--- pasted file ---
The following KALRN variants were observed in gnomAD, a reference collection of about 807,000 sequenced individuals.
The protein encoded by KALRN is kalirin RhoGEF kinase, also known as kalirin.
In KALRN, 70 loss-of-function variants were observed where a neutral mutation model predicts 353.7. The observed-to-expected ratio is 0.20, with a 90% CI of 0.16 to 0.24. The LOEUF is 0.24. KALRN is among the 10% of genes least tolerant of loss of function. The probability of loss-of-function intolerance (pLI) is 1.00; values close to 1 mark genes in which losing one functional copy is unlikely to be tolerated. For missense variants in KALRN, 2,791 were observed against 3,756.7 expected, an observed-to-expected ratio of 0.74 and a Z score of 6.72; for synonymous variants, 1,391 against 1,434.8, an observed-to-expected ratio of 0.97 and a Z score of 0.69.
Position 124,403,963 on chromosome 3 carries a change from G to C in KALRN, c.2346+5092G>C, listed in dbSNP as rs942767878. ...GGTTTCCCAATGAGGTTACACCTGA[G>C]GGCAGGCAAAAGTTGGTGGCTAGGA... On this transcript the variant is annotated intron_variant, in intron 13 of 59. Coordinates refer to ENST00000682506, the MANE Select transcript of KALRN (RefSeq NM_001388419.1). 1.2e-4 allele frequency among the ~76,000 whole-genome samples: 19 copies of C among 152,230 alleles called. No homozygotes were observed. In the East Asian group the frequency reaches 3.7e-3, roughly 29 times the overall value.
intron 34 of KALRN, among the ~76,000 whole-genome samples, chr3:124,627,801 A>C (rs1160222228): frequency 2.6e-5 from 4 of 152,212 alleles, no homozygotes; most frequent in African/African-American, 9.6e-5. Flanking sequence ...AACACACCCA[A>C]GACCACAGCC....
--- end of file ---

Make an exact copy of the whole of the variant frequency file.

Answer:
The following KALRN variants were observed in gnomAD, a reference collection of about 807,000 sequenced individuals.
The protein encoded by KALRN is kalirin RhoGEF kinase, also known as kalirin.
In KALRN, 70 loss-of-function variants were observed where a neutral mutation model predicts 353.7. The observed-to-expected ratio is 0.20, with a 90% CI of 0.16 to 0.24. The LOEUF is 0.24. KALRN is among the 10% of genes least tolerant of loss of function. The probability of loss-of-function intolerance (pLI) is 1.00; values close to 1 mark genes in which losing one functional copy is unlikely to be tolerated. For missense variants in KALRN, 2,791 were observed against 3,756.7 expected, an observed-to-expected ratio of 0.74 and a Z score of 6.72; for synonymous variants, 1,391 against 1,434.8, an observed-to-expected ratio of 0.97 and a Z score of 0.69.
Position 124,403,963 on chromosome 3 carries a change from G to C in KALRN, c.2346+5092G>C, listed in dbSNP as rs942767878. ...GGTTTCCCAATGAGGTTACACCTGA[G>C]GGCAGGCAAAAGTTGGTGGCTAGGA... On this transcript the variant is annotated intron_variant, in intron 13 of 59. Coordinates refer to ENST00000682506, the MANE Select transcript of KALRN (RefSeq NM_001388419.1). 1.2e-4 allele frequency among the ~76,000 whole-genome samples: 19 copies of C among 152,230 alleles called. No homozygotes were observed. In the East Asian group the frequency reaches 3.7e-3, roughly 29 times the overall value.
intron 34 of KALRN, among the ~76,000 whole-genome samples, chr3:124,627,801 A>C (rs1160222228): frequency 2.6e-5 from 4 of 152,212 alleles, no homozygotes; most frequent in African/African-American, 9.6e-5. Flanking sequence ...AACACACCCA[A>C]GACCACAGCC....